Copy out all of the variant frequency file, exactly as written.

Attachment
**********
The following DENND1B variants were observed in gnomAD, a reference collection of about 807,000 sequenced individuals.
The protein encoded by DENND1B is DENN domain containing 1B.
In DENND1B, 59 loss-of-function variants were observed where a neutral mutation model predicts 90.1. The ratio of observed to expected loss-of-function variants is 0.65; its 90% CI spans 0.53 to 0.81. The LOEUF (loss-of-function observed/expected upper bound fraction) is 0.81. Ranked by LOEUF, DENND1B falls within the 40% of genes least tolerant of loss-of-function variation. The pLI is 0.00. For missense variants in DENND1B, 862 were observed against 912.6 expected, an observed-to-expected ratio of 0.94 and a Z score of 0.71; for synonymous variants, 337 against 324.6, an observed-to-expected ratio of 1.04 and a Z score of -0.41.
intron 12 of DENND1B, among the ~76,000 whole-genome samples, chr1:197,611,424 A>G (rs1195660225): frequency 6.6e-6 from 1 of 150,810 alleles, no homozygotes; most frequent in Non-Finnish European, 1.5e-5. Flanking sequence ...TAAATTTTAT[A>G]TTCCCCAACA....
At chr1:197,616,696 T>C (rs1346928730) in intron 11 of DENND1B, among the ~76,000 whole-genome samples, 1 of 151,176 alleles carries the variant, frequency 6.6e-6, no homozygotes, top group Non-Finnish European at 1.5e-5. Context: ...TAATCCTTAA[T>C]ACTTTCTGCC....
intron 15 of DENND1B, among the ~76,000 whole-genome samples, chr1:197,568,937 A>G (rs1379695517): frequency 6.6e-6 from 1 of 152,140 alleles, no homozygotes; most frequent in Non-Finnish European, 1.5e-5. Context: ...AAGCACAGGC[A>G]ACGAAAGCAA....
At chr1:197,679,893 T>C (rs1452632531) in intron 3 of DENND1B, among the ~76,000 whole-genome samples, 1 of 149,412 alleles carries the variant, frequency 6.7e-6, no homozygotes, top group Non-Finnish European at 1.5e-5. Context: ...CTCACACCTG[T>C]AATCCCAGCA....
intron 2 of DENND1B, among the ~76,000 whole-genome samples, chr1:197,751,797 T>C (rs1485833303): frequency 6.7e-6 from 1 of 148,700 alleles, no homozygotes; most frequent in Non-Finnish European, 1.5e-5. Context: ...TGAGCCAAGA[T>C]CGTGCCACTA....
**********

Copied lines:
The following DENND1B variants were observed in gnomAD, a reference collection of about 807,000 sequenced individuals.
The protein encoded by DENND1B is DENN domain containing 1B.
In DENND1B, 59 loss-of-function variants were observed where a neutral mutation model predicts 90.1. The ratio of observed to expected loss-of-function variants is 0.65; its 90% CI spans 0.53 to 0.81. The LOEUF (loss-of-function observed/expected upper bound fraction) is 0.81. Ranked by LOEUF, DENND1B falls within the 40% of genes least tolerant of loss-of-function variation. The pLI is 0.00. For missense variants in DENND1B, 862 were observed against 912.6 expected, an observed-to-expected ratio of 0.94 and a Z score of 0.71; for synonymous variants, 337 against 324.6, an observed-to-expected ratio of 1.04 and a Z score of -0.41.
intron 12 of DENND1B, among the ~76,000 whole-genome samples, chr1:197,611,424 A>G (rs1195660225): frequency 6.6e-6 from 1 of 150,810 alleles, no homozygotes; most frequent in Non-Finnish European, 1.5e-5. Flanking sequence ...TAAATTTTAT[A>G]TTCCCCAACA....
At chr1:197,616,696 T>C (rs1346928730) in intron 11 of DENND1B, among the ~76,000 whole-genome samples, 1 of 151,176 alleles carries the variant, frequency 6.6e-6, no homozygotes, top group Non-Finnish European at 1.5e-5. Context: ...TAATCCTTAA[T>C]ACTTTCTGCC....
intron 15 of DENND1B, among the ~76,000 whole-genome samples, chr1:197,568,937 A>G (rs1379695517): frequency 6.6e-6 from 1 of 152,140 alleles, no homozygotes; most frequent in Non-Finnish European, 1.5e-5. Context: ...AAGCACAGGC[A>G]ACGAAAGCAA....
At chr1:197,679,893 T>C (rs1452632531) in intron 3 of DENND1B, among the ~76,000 whole-genome samples, 1 of 149,412 alleles carries the variant, frequency 6.7e-6, no homozygotes, top group Non-Finnish European at 1.5e-5. Context: ...CTCACACCTG[T>C]AATCCCAGCA....
intron 2 of DENND1B, among the ~76,000 whole-genome samples, chr1:197,751,797 T>C (rs1485833303): frequency 6.7e-6 from 1 of 148,700 alleles, no homozygotes; most frequent in Non-Finnish European, 1.5e-5. Context: ...TGAGCCAAGA[T>C]CGTGCCACTA....